Distancing social or otherwise does make one appreciate the attraction and power of interpersonal closeness. And it does make one understand the necessity for distancing as well. What makes one room “an everywhere”? John Donne clearly spent some time considering that back so many years ago when he wrote this poetic opus.
Consider these words now in the middle of isolation. Consider them in the middle of taking care of each other distantly. Taking care of them by not being near them.
Yes we miss you. Yes we need you. But more than ever we need not to be physically near you! I could be a danger to you. You could be a danger to me! but why would I ever think of you as a danger???
That my dear is the sad reality of a pandemic…..
My face in thine eye, thine in mine appears.
But for now without our being physically in each other’s presence.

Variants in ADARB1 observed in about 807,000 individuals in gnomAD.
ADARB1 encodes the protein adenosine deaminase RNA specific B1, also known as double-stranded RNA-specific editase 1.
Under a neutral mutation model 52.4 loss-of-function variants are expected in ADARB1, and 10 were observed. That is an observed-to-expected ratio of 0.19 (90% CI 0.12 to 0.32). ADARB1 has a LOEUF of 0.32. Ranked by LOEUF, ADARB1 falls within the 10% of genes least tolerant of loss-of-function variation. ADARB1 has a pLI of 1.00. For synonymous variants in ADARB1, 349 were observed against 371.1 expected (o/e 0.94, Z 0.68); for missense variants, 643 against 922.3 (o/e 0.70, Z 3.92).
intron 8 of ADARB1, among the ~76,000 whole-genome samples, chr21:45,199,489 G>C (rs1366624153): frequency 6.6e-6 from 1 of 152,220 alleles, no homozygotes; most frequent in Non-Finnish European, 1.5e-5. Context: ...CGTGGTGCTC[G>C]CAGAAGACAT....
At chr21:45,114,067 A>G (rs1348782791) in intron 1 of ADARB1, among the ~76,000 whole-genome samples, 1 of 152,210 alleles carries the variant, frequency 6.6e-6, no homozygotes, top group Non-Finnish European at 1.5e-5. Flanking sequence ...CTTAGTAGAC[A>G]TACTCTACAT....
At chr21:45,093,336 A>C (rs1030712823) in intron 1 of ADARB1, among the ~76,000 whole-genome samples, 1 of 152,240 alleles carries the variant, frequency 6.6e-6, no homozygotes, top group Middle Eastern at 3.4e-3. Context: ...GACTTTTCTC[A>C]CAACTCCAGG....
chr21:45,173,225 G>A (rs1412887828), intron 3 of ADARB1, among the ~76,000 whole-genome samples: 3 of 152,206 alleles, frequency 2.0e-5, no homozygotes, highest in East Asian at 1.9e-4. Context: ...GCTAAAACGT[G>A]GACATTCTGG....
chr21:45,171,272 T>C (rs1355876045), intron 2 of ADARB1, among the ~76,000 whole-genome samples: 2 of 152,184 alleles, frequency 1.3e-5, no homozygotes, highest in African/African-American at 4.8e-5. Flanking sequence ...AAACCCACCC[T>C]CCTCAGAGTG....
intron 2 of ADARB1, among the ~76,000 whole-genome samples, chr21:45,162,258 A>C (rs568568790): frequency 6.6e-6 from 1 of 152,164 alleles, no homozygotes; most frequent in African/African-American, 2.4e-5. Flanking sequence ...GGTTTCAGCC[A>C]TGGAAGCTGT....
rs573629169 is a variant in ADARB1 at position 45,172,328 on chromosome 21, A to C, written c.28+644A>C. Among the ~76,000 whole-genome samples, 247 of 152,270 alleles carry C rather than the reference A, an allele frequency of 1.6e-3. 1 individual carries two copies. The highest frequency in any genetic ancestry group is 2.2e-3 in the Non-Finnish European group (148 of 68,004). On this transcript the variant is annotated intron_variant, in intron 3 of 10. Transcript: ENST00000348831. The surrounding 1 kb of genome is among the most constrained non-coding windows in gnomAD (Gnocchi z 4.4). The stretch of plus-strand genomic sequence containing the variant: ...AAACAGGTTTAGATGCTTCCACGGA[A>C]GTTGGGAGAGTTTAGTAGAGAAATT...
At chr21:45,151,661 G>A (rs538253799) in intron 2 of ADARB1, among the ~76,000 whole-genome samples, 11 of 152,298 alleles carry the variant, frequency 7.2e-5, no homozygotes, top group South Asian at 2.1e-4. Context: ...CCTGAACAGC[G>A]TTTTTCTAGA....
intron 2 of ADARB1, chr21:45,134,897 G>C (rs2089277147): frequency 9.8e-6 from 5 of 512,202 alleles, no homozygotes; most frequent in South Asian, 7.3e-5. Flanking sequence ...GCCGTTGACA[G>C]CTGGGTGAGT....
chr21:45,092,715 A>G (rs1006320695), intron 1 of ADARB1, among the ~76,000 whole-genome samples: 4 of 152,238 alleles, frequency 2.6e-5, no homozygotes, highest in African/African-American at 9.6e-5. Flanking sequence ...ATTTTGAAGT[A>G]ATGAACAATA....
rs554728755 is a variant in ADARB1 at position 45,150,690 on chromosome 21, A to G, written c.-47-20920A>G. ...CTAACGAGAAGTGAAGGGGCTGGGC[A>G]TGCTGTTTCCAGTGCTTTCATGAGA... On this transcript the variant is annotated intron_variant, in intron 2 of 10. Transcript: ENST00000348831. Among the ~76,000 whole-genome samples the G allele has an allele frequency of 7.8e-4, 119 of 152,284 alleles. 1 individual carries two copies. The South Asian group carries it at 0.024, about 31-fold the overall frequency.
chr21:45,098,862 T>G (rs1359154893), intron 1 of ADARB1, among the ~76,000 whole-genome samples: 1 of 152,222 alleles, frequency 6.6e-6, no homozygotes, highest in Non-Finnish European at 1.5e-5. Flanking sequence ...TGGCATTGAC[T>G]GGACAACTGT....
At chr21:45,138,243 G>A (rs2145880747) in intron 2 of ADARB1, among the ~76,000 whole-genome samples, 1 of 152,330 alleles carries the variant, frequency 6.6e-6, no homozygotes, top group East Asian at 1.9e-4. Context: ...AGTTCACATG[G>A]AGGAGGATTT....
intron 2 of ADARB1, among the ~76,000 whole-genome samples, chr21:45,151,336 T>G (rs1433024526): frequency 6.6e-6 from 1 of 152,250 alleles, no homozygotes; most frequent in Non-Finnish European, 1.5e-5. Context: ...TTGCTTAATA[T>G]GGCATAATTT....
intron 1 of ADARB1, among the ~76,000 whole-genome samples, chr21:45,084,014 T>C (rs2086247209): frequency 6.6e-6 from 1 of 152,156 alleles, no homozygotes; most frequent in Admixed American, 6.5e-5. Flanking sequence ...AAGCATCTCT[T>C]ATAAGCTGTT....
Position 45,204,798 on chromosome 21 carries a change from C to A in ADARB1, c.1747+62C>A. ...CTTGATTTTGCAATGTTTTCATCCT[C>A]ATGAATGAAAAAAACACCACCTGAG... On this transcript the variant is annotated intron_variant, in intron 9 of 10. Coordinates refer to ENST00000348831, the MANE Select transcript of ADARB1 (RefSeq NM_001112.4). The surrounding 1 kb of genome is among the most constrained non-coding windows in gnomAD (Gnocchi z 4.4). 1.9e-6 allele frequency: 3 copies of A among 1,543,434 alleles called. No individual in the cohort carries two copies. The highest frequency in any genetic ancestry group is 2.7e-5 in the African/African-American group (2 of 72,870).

So today and for the foreseeable future our challenge is to make this “One Little Room” our everywhere!
By John Donne
I wonder, by my troth, what thou and I
Did, till we loved? Were we not weaned till then?
But sucked on country pleasures, childishly?
Or snorted we in the Seven Sleepers’ den?
’Twas so; but this, all pleasures fancies be.
If ever any beauty I did see,
Which I desired, and got, ’twas but a dream of thee.
And now good-morrow to our waking souls,
Which watch not one another out of fear;
For love, all love of other sights controls,
And makes one little room an everywhere.
Let sea-discoverers to new worlds have gone,
Let maps to other, worlds on worlds have shown,
Let us possess one world, each hath one, and is one.
My face in thine eye, thine in mine appears,
And true plain hearts do in the faces rest;
Where can we find two better hemispheres,
Without sharp north, without declining west?
Whatever dies, was not mixed equally;
If our two loves be one, or, thou and I
Love so alike, that none do slacken, none can die.
Source: The Norton Anthology of Poetry Third Edition (1983)